Interrupting this book and publishing blog’s irregularly scheduled “programming” tonight.
Super typhoon Haiyan (Philippine name: Yolanda), one of the worst storms on record (if not the worst), has come and gone. That wild, crazy bitch of a weather disturbance has caused immense destruction and unimaginable carnage across the Philippines’ Visayas region (particularly Leyte, Iloilo and Samar) all the way to MIMAROPA. It basically cut right through the middle part of the country. Whole structures and entire towns are completely wiped out; survivors have lost everything and are out on the streets; supplies are quickly running out; looting/theft has become rampant in some areas; communication lines are slowly coming back up; organizations and volunteers are swamped, fatigued and overworked; and many are still unaccounted for.
There are now over 1,000 casualties, but the count is far from done, with that horrible number 10,000 being floated around in local and international media. Yolanda’s on its way to Northern Vietnam, relatively weaker but still highly destructive.
Relatives and friends overseas have been checking up on us since Friday. We’re all doing fine; thank you so much for your concern. Manila had only a very brief encounter with Yolanda on Friday afternoon/night, and those gusts of wind we got were scary enough. We’re extremely lucky over here; the footage coming in from the southern cities and towns is just painful to see and process.
All who were in Haiyan/Yolanda’s path really need help right now and in the coming months. Here are the ways you can pitch in.
Those looking for people in the affected areas can use Google’s Person Finder and Crisis and Relief Map. If you need information on loved ones in Leyte, fill out this form. GMA News Online has also posted messages and news from survivors.
Donations are direly needed by local/international organizations already on the ground. The Philippine Red Cross, World Food Programme (WFP), World Vision, UNICEF, Save the Children and Oxfam all accept online donations. Please donate.
Habitat for Humanity provides two donation links: one for PH citizens/residents and another for international donors. Another option that international donors can go for is SixDegrees.org; its Network for Good page supports three charitable organizations. More resources for foreign financial assistance are listed over at CNN and The Huffington Post.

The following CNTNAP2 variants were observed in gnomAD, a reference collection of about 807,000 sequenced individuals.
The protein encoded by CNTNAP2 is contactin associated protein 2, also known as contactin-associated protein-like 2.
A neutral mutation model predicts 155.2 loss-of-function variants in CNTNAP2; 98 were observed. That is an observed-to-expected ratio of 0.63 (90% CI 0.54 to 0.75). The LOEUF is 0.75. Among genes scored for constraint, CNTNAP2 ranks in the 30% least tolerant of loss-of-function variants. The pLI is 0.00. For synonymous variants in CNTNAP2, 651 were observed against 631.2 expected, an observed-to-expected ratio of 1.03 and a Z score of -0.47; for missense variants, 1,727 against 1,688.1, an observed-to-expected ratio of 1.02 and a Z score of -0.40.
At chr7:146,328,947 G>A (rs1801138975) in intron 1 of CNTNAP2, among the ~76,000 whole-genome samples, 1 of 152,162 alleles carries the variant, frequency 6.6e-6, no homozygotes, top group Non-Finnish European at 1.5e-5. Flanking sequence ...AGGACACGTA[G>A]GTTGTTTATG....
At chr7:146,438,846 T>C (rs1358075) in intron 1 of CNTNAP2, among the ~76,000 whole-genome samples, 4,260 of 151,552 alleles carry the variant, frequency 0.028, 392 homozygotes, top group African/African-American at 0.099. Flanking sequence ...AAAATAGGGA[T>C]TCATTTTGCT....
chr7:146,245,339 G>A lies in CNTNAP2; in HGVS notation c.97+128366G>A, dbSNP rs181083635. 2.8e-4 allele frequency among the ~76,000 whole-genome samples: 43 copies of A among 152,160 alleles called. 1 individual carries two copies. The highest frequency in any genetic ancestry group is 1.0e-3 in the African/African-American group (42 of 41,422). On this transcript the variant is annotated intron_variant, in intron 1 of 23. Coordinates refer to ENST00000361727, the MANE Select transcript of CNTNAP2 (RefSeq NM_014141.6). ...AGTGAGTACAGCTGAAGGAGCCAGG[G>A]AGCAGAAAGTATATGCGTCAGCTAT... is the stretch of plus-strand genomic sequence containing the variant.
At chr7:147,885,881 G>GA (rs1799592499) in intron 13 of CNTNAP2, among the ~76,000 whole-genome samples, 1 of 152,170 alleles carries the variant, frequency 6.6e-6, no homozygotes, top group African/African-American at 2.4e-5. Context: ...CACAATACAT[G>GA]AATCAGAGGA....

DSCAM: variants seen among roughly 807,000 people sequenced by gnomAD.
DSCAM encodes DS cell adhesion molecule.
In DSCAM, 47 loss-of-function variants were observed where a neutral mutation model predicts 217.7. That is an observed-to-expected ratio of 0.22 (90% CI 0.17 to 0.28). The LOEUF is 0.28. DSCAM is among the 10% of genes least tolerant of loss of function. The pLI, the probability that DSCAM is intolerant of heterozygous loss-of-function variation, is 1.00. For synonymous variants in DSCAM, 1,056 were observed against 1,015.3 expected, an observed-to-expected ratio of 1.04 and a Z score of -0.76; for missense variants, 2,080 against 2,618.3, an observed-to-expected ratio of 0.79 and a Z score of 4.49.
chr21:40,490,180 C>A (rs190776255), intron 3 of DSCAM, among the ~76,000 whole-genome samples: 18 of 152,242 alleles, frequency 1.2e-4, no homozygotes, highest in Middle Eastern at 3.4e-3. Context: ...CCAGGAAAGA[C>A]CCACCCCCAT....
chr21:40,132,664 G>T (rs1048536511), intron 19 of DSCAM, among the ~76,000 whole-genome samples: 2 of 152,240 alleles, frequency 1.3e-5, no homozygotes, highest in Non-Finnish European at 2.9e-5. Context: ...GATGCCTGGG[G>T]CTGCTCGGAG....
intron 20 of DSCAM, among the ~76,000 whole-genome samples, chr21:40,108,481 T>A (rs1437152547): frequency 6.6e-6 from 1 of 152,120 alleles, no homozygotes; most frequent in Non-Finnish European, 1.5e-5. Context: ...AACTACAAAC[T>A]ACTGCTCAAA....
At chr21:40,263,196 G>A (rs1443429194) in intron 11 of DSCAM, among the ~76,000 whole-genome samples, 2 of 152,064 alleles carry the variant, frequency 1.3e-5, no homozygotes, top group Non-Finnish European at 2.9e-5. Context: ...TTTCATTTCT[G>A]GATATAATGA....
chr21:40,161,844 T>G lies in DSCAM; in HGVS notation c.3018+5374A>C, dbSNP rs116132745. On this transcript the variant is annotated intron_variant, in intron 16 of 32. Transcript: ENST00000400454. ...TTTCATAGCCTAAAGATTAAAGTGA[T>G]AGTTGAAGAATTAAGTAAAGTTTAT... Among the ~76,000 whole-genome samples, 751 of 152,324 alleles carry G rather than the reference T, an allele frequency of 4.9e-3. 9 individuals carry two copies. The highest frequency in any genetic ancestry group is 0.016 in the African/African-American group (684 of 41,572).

Globe Telecom and SMART subscribers can donate to the PH Red Cross via text message/SMS. Just text RED<space>AMOUNT to 2899 (Globe) or 4143 (Smart).
BPI Express Online subscribers can also log on to the system and go to “e-Donation” under the Payments and Reloading tab to send money directly from their registered accounts.
The PH Red Cross, Department of Social Welfare and Development (DSWD), Gawad Kalinga and Caritas Manila are also looking for volunteers and asking for relief goods. The MVP Tulong Kapatid Center/Meralco Foundation, too. Rappler/Move.PH also has a growing list of relief operations held throughout the Philippines and abroad, so please check that one out.
Keep an eye out for more donation drives, repacking operations, and fundraisers in the days and weeks to come. If you’re near the hardest-hit areas, please volunteer. Military/Government personnel, medical workers and aid workers need volunteers… as much manpower as possible for every area they’re helping out.
The hashtags used by government agencies, volunteers and individuals:
Please, please, please use them wisely.
Will add more links and resources to this list. You can also comment on this post with additional info.
More news has also come in: there’s another storm brewing, and it may go the same way as Haiyan. Keep track of weather forecasts, take all precautions, and stay safe.